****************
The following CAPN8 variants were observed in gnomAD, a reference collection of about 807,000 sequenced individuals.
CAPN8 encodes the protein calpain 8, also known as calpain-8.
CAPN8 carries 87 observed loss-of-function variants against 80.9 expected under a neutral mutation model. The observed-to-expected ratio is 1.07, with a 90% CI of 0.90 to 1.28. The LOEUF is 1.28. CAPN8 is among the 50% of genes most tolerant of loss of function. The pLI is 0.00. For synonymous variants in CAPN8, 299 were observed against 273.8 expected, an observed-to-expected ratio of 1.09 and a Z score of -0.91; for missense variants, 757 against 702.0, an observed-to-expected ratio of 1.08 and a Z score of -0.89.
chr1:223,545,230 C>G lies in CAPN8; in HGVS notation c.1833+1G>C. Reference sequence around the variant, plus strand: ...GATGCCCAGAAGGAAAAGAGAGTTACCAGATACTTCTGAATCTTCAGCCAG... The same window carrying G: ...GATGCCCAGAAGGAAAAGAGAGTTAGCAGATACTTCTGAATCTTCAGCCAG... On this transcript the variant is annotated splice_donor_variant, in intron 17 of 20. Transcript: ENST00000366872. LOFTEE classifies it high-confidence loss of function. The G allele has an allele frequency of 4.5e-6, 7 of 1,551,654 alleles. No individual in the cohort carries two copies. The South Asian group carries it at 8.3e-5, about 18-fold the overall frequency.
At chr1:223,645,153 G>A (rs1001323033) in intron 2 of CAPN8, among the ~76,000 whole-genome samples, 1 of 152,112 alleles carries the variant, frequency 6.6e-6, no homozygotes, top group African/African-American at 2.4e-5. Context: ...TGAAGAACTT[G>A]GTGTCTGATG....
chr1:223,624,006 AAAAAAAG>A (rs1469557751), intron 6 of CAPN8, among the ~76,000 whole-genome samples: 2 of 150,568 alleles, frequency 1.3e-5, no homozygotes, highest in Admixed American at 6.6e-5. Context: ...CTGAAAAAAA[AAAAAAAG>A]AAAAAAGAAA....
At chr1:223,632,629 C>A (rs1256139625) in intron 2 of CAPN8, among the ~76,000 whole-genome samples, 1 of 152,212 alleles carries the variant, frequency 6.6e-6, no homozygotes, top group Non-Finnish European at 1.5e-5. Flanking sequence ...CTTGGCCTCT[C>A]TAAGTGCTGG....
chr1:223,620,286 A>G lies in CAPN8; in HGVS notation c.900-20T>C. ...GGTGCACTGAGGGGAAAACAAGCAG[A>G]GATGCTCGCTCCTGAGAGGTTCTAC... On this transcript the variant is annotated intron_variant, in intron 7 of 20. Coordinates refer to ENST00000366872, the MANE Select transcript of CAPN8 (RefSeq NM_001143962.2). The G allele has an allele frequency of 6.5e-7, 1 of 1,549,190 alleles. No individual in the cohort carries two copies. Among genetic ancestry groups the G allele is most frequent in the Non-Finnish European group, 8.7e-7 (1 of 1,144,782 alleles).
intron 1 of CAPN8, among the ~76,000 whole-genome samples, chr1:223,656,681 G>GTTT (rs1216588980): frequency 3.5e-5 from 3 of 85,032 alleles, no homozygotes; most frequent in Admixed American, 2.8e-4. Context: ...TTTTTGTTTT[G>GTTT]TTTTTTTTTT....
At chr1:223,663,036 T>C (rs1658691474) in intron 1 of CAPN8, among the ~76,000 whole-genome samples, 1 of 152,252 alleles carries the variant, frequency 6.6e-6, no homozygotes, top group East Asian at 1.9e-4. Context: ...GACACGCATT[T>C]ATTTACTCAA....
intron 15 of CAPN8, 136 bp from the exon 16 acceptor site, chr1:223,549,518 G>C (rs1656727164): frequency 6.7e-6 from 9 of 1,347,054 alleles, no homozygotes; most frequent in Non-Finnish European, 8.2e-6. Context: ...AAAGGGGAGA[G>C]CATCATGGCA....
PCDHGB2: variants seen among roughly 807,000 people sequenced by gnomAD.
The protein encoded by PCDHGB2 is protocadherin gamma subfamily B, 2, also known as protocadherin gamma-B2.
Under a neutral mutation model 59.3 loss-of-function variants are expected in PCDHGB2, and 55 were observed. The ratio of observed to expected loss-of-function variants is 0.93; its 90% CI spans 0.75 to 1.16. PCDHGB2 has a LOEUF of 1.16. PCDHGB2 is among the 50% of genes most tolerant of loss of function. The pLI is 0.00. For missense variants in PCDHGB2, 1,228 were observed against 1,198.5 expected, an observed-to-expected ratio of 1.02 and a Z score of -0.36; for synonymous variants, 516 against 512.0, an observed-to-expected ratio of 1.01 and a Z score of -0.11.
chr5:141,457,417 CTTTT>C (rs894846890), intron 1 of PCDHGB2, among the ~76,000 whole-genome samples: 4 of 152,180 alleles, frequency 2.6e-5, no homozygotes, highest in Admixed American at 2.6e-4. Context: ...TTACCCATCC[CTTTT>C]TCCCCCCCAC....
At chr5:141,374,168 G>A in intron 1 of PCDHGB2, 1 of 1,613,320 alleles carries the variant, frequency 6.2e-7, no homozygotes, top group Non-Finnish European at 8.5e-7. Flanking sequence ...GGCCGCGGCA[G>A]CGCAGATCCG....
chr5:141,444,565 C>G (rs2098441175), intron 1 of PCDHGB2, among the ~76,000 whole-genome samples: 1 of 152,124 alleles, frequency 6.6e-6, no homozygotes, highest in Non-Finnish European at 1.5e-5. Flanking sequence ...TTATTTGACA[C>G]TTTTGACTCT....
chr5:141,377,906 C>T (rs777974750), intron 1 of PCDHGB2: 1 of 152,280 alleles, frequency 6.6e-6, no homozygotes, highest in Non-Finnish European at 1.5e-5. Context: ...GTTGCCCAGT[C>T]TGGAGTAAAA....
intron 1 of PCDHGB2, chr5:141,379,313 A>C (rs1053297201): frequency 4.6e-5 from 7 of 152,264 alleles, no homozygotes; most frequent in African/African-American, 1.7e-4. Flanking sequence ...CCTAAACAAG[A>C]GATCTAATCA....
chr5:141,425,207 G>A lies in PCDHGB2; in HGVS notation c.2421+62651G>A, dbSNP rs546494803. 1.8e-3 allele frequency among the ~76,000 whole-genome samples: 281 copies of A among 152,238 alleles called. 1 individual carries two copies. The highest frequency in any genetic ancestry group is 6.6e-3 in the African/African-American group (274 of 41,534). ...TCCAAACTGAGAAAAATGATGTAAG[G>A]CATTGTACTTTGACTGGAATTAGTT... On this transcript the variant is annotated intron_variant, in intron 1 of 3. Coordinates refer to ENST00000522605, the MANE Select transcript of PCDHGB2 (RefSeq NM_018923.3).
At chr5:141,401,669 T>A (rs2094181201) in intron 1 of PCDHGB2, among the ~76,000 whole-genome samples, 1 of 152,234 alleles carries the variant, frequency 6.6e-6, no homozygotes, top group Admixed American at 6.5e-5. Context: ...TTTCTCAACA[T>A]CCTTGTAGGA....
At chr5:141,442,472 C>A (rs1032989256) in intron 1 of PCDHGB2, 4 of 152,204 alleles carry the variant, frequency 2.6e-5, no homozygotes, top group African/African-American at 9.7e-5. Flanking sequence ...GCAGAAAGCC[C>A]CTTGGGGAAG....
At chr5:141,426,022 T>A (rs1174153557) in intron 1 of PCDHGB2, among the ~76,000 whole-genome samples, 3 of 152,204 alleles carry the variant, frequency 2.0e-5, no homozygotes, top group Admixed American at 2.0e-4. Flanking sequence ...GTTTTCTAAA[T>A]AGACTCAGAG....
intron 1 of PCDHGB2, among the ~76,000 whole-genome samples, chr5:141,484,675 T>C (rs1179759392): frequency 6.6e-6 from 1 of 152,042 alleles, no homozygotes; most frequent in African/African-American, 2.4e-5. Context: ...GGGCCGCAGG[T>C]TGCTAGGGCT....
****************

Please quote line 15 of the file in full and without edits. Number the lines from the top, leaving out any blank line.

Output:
chr5:141,457,417 CTTTT>C (rs894846890), intron 1 of PCDHGB2, among the ~76,000 whole-genome samples: 4 of 152,180 alleles, frequency 2.6e-5, no homozygotes, highest in Admixed American at 2.6e-4. Context: ...TTACCCATCC[CTTTT>C]TCCCCCCCAC....